3) It should be stored where there is a circulation of air, so of course a sealed box/container is not suitable nor is a place that is in direct sunlight. If you do keep it in a container of some kind, make sure it has good air circulation or is not sealed shut.
4) It should be kept away from strong smells – INCLUDING SHOU CHAA AGED/COOKED PU’ER. The kitchen is not a suitable place to age/store ANY tea, as the aromas of other spices and your own cooking will greatly affect the taste and aroma of your delicate teas.
5) Before going too much further in your aging of tea, consider also how much tea you will be aging and how often you plan to taste/use the teas. The more tea there is together, the better it will age. Just like with brewing a cup of tea, the smaller the container/box/pot the better. If you are only aging one Bing, best not to leave it in an open room on its’ own. For smaller amounts of tea, perhaps consider an earthenware jar, or perhaps a wooden box or cupboard. Consider the aromas of the woods/containers you store your teas in as well.
If you intend to drink a cake of tea in the near future, it may be useful to break it into smaller pieces that can fit into pots a bit easier that way more is exposed to the elements as it will age a bit more rapidly. Complete tongs in their bamboo wrappers(7 at a time), should not be opened until you wish to start consuming the tea. After its opened, it is still smart to reseal the tong as best you can.
6) If the amount of tea you are storing is really considerable, be sure to rotate the tea every few months or so. Bring the teas on the “bottom” to the top, and the ones that are closer to the wood or air, move them to a different area in the container, ect. Rotate, repeat.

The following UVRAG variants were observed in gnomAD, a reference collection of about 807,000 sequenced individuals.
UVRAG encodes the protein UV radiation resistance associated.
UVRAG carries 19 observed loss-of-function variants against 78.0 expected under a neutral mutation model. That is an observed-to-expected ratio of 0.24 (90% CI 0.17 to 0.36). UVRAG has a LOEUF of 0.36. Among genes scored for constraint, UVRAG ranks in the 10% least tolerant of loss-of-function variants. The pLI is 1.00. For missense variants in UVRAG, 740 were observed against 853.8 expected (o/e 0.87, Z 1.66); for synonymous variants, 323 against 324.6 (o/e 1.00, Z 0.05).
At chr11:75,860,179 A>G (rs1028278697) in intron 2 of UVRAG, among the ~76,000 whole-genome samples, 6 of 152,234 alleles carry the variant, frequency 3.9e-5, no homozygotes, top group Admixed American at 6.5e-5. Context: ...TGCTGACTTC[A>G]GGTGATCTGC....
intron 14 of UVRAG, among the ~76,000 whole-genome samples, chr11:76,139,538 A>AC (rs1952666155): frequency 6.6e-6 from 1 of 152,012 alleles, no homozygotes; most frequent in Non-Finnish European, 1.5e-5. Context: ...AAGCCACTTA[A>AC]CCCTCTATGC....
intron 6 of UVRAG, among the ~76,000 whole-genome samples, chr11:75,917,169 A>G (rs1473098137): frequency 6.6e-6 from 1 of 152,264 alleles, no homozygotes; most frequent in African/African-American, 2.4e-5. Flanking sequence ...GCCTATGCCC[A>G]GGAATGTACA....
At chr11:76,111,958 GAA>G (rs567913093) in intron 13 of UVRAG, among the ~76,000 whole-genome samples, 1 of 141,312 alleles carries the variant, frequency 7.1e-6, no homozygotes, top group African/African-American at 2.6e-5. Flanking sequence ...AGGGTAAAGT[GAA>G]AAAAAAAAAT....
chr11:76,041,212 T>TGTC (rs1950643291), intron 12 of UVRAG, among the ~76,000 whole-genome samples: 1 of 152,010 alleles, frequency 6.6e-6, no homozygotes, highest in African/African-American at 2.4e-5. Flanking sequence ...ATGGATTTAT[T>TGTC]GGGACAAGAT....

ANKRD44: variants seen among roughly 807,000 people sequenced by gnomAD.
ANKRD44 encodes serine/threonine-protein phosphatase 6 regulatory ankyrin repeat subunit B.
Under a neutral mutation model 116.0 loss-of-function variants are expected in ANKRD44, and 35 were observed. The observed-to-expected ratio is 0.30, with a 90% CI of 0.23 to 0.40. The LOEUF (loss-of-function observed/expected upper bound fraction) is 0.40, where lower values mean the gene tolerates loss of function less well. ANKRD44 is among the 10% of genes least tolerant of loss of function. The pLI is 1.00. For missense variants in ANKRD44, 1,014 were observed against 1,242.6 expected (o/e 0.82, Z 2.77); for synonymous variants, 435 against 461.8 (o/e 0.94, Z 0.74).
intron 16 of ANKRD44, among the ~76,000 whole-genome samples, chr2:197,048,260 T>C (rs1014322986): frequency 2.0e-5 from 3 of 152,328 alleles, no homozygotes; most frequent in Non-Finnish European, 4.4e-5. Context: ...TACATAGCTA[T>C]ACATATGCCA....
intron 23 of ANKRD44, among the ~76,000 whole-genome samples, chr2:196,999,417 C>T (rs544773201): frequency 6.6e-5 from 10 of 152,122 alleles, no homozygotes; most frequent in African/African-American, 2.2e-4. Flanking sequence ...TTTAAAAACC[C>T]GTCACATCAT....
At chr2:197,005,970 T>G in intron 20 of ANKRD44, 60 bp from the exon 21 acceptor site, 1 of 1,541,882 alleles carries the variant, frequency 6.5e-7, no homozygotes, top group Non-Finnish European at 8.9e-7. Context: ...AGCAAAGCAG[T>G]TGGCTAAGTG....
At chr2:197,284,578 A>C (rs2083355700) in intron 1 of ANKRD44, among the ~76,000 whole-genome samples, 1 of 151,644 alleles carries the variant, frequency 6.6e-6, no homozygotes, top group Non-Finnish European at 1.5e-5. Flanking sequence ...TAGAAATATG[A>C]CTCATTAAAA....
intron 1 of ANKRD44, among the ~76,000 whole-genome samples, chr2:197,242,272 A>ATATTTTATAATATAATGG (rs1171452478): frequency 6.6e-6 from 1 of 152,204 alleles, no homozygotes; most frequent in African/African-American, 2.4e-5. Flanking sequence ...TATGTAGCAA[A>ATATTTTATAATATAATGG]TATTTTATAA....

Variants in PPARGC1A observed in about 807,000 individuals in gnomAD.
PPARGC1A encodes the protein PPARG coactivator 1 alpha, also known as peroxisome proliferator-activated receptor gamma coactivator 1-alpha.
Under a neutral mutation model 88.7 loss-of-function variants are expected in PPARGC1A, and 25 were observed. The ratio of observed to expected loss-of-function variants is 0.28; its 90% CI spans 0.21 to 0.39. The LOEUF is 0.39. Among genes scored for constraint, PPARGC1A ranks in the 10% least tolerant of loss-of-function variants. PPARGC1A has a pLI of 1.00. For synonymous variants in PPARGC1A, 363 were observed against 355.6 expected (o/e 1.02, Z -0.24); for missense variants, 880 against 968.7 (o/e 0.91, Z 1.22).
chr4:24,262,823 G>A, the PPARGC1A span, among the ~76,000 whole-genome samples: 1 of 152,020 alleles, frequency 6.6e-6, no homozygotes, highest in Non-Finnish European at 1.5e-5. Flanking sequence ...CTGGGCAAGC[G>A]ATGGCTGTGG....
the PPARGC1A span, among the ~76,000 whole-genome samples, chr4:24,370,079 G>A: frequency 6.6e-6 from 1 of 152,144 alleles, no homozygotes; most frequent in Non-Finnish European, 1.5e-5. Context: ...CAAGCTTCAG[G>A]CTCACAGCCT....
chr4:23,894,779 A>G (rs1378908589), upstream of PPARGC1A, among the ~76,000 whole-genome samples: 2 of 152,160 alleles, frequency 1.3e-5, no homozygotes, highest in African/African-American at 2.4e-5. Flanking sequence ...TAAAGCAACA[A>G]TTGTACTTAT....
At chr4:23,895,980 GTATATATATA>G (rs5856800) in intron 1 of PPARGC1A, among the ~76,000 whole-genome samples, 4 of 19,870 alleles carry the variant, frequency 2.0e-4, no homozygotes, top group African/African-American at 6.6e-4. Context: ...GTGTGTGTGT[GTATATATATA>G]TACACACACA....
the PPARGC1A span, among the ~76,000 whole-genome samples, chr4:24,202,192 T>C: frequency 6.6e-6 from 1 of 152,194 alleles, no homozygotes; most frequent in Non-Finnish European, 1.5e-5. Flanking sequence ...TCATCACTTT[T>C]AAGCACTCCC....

Many people have their own methods of aging their teas, but there are certainly things they avoid in that process. If you have a few pieces of the same tea, perhaps try a few slight variations and see what you like. Access your teas often to see how they are doing, and be patient. Remember, before you start any of this, to have a good raw product(Sheng Chaa) that is going to be enjoyable today, or decades to come. Look to the Six Ancient Tea Mountains to find quality Sheng Chaa. Many prefer Yiwu, which is where our Sheng Chaa is from.
There is much more to be said about this; including WHEN to start enjoying your teas as well as HOW to pick a quality tea to begin with. We wrote about these two topics on our site :) Hope you enjoy and this answers some of your questions.
finally got the pumidor finished
check it out on Incense&Teas post i uploaded the link messy for now but a lot in there. but lets try this.
Should all of those Pu-ehrs be mixed liked that? Won’t they permeate each other? It may be a waste to have so many different kinds when they will all “catch” each others essences? I Wonder if you got some Lock n lock containers to separate them if that would affect humidity and all that-
all the shelves are by factory or similar producer and all sheng and shu are completely separated. shu in the fridge and sheng in the freezer.
its a mess but i want to protect my tea!
lots of wires everywhere but i want to keep airflow up to avoid mold. these cakes will be rotated one shelf a week top cake to the bottom and bottom to the top. hope the idea works.